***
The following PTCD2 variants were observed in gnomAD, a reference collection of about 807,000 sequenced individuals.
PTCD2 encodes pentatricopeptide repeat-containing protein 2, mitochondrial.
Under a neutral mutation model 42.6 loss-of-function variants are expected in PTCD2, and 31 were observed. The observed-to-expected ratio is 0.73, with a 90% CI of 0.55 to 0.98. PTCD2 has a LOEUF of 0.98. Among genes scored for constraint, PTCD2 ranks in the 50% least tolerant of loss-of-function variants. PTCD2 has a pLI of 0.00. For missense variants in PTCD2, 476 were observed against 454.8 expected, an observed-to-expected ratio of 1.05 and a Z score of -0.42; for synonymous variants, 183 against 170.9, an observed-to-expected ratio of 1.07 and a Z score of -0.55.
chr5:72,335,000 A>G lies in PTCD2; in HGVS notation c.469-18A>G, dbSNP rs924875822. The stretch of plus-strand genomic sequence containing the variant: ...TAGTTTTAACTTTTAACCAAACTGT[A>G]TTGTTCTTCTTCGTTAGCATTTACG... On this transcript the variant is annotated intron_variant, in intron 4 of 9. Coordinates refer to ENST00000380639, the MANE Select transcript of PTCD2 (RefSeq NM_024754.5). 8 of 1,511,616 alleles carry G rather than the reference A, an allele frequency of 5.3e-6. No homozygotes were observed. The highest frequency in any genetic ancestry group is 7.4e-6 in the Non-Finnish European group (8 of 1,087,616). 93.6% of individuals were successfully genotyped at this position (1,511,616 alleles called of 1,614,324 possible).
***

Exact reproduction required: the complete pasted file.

The following PTCD2 variants were observed in gnomAD, a reference collection of about 807,000 sequenced individuals.
PTCD2 encodes pentatricopeptide repeat-containing protein 2, mitochondrial.
Under a neutral mutation model 42.6 loss-of-function variants are expected in PTCD2, and 31 were observed. The observed-to-expected ratio is 0.73, with a 90% CI of 0.55 to 0.98. PTCD2 has a LOEUF of 0.98. Among genes scored for constraint, PTCD2 ranks in the 50% least tolerant of loss-of-function variants. PTCD2 has a pLI of 0.00. For missense variants in PTCD2, 476 were observed against 454.8 expected, an observed-to-expected ratio of 1.05 and a Z score of -0.42; for synonymous variants, 183 against 170.9, an observed-to-expected ratio of 1.07 and a Z score of -0.55.
chr5:72,335,000 A>G lies in PTCD2; in HGVS notation c.469-18A>G, dbSNP rs924875822. The stretch of plus-strand genomic sequence containing the variant: ...TAGTTTTAACTTTTAACCAAACTGT[A>G]TTGTTCTTCTTCGTTAGCATTTACG... On this transcript the variant is annotated intron_variant, in intron 4 of 9. Coordinates refer to ENST00000380639, the MANE Select transcript of PTCD2 (RefSeq NM_024754.5). 8 of 1,511,616 alleles carry G rather than the reference A, an allele frequency of 5.3e-6. No homozygotes were observed. The highest frequency in any genetic ancestry group is 7.4e-6 in the Non-Finnish European group (8 of 1,087,616). 93.6% of individuals were successfully genotyped at this position (1,511,616 alleles called of 1,614,324 possible).